Good Morning,

 

Hey, watch out – October is almost here.  And, believe it or not, Christmas is 90 days away.  Ouch.  Stunning how fast 2017 has flown by – even as the airwaves are full of things we are supposed to worry about.

 

With Q3 around the corner as well, let’s check in with data for a quick summary of the latest stats.  By the way, they are good.  FactSet tells us this:

 

Earnings Growth: For Q3 2017, the estimated earnings growth rate for the S&P 500 is 4.2%. Eight sectors are expected to report earnings growth for the quarter, led by the Energy sector.

 

Earnings Revisions: On June 30, the estimated earnings growth rate for Q3 2017 was 7.5%. Ten sectors have lower growth rates today (compared to June 30) due to downward revisions to earnings estimates, led by the Energy sector. (normal M.O. as covered before)

 

Earnings Guidance: For Q3 2017, 75 S&P 500 companies have issued negative EPS guidance and 43 S&P 500 companies have issued positive EPS guidance.

 

Valuation: The forward 12-month P/E ratio for the S&P 500 is 17.7.

 

Earnings Scorecard: For Q3 2017 (with 6 companies in the S&P 500 reporting actual results for the quarter), 4 companies have reported positive EPS surprises and 4 companies have reported positive sales surprises.

 

As to surprises and guidance, here is the most interest part of the latest data from FactSet:

 

“A record Number of S&P 500 Companies Have issued Positive Revenue Guidance for Q3”, but it is still early.

 

Recall, we should expect negative EPS guidance as well given the storms so when a big deal is made of same, try hard to look beyond the near-term.

 

Note that so far, by sector, companies in the Information Technology, Health Care, and Consumer Discretionary sectors account for 39 of the 43 companies that have issued positive EPS guidance for the third quarter.

 

From Thomson data below we can also see that projections moving forward continue to be steady into 2018/2019.

 

Note the red mark on the low point – Q3 of 2017.  I say low point as much will be heard about the “falling rate of growth.”

 

We touched on this back in the Q2 reporting season as a warning.  The growth rate appears slower because last year at this time (marked in blue), Q3 of ’16 marked the return to earnings growth after the collapse in the energy sector which masked growth for the entire rest of the economy.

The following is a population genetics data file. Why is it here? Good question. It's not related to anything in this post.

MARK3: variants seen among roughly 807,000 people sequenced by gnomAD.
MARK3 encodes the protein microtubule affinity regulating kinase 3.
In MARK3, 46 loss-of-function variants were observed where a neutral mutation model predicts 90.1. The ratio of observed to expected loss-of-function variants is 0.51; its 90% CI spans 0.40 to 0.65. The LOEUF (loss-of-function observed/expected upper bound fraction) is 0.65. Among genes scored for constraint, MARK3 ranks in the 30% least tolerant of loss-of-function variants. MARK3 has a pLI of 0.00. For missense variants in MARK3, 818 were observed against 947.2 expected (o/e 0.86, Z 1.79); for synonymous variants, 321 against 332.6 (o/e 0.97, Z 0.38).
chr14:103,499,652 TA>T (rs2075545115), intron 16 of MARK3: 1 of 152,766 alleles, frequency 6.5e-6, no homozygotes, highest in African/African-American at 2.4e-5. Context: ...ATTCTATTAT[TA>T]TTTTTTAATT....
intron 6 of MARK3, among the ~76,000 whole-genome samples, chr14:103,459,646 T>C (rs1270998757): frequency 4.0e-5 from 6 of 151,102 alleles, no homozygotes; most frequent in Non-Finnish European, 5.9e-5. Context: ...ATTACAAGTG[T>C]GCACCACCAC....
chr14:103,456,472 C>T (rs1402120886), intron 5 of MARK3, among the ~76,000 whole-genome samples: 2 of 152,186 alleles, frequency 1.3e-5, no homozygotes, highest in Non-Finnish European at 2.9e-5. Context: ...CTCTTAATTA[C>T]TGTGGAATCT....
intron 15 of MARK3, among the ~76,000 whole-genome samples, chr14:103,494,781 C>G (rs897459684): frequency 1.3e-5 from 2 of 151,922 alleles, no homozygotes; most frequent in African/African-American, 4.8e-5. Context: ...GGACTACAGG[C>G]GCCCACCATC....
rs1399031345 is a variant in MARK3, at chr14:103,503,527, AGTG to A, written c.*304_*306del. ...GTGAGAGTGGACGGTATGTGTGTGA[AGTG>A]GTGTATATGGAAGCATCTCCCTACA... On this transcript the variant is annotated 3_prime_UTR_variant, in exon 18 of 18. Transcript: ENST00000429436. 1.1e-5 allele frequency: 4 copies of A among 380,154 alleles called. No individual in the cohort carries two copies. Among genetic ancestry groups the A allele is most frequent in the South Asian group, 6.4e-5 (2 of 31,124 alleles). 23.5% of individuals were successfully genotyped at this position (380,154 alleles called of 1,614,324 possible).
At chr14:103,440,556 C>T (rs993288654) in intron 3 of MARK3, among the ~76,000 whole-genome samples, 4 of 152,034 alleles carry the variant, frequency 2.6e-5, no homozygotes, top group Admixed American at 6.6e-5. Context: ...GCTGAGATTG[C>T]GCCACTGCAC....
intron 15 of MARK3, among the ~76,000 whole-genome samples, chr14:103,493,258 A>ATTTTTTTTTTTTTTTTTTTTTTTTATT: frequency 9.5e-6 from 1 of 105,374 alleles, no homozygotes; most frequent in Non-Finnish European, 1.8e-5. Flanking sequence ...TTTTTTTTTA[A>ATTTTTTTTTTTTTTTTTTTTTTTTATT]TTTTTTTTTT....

The point?  It’s a numbers game – don’t get sucked in.  Rates of growth return to nice levels after the red dot – meaning 90 days from now.  Even bigger?  This covers no tax law changes.

 

IF we can actually get DC to finally accomplish something, look for every 1% reduction in the corporate tax rate to mean somewhere between $1.80 and $1.95 more dropping to the bottom line of annual S&P 500 earnings.

Changing Gears – Big Picture

 

How Big Is The World Economy Today?

 

With all the hand-wringing so many experts project upon the masses, supported by the non-stop media chatter, most may overlook just how big everything has become during these “perilous times.”

 

Let’s take a look with some help from a couple great charts from Mr. Grannis:

The latest Fed data shows that household net worth rose by $8.2 trillion (a gain of 9.3%) over the most recent 12-month period.  This came from a combination of a $6.6 trillion gain in financial assets and a $1.9 trillion rise in the value of real estate holdings. Interestingly, the latter category is $2 trillion more valuable than at the peak of the housing bubble in 200!

 

Some good news inside the data?  With household debt rising by less than $500 billion in the past year, household leverage (total debt as a percent of total assets) has now fallen by one-third since the all-time high in 2009.

 

Here is the thing though – both the global economy and global financial markets are huge.

 

Indeed, far larger than most people realize.  Let’s review some facts:

 

Global GDP is roughly $80 trillion (about four times the size of the US economy).